Daily Democrat Online - UCD entomologist speaks on stifled research

Daily Democrat Online - UCD entomologist speaks on stifled research: "UCD entomologist speaks on stifled research
More focus on making money than on improving health and environment
Daily Democrat
Article Created: 11/23/2007 06:18:25 AM PST

University bureaucracies stifle research when they focus more on generating revenue than in fulfilling a public obligation to improve human health and the environment.

"That's a growing viewpoint of many interested in the technology transfer field," said UC Davis entomologist Bruce Hammock, who served as one of the speakers at the recent National Institutes of Environmental Health Sciences conference at the Berry Hill Plantation, South Boston, Va.

The two-day conference addressed a deepening concern among the multiple National Institutes of Health and the National Research Council of the National Academy of Sciences:

How to translate basic research effectively to improve human health and the environment.

The academic culture is "wonderful for innovation and training, but university bureaucracies are incompatible with translation," said Hammock, a distinguished professor of entomology who directs the UCD Superfund Basic Research Program of NIEHS.

Speaking on "Universities' Focus on Revenue Generation in Licensing Stifles Innovation: The Case to Modify the Bayh-Doles Act," Hammock said that "We as a nation have developed the most powerful innovation factory in human history but universities are poor at moving public
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sector innovation into the private sector for development and implementation."

The Bayh-Dole Act of 1980, co-authored by Sens. Birch Bayh (D-Indiana) and Sen. Robert Dole (R-Kansas), turned over the licenses for federally funded research projects to universities, but "an unintended consequence of this act was the generation of university technology transfer offices or TTOs," Hammock said.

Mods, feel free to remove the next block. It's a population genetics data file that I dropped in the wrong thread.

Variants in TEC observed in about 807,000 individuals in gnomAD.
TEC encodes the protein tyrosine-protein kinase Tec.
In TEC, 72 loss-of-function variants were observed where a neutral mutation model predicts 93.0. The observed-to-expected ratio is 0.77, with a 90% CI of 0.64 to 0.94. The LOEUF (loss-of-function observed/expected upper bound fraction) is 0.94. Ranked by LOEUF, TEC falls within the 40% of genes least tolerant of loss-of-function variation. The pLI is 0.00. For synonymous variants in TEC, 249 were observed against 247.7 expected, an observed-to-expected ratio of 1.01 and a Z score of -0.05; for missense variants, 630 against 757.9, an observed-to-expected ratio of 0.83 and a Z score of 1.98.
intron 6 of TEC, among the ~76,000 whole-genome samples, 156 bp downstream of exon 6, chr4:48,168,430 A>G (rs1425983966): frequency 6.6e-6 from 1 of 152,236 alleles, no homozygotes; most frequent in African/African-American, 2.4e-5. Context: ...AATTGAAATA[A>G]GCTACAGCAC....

The Kauffman Foundation, which Hammock described as "the largest entrepreunal 'think tank' in the United States," issued a report in April that said TTOs "have become gatekeepers" and "that in many cases, constrain the flow of inventions and frustrate faculty, entrepreneurs and industries."

The Kauffman Foundation report said the Bayh-Dole Act was intended "to speed up the process of moving technologies from the laboratory to the marketplace by clearing the way for universities to claim legal and, therefore, financial rights to federal government-funded innovations developed by their faculty. However, new layers of administration developed that centralized the process, narrowed the view of innovation as only patents, and emphasized revenue generation rather than volume of innovations the university commercializes."

Expanding on ideas expressed by the Kauffman Foundation and the American Chemical Society, Hammock told the scientific conference that "universities have great difficulty in determining the value of their own technologies due, in part, to the diversity of technologies developed. There is often a degree of arrogance among TTOs, resulting in hesitancy to solicit advice on establishing the value of a technology. As a result, they overlook important early state technology from young faculty while searching for 'home run' technologies from established investigators. Because TTOs are afraid of making bad decisions, the flow of the technology from the university is drastically delayed."

"Having failed to patent innovative technologies from young faculty, universities tend to spend far too much on the technology they do patent - trying to substitute very expensive language for research," Hammock said.

The UC Davis professor said a possible solution, suggested by the Kauffman Foundation, is for universities to move from the short-term profit model to a volume model where many technologies are patented at low cost and licensed rapidly.

The six-week clinical training is part of the curriculum to become a Licensed Vocational Nurse which takes two years of training after obtaining basic education credits.

Bruce Hammock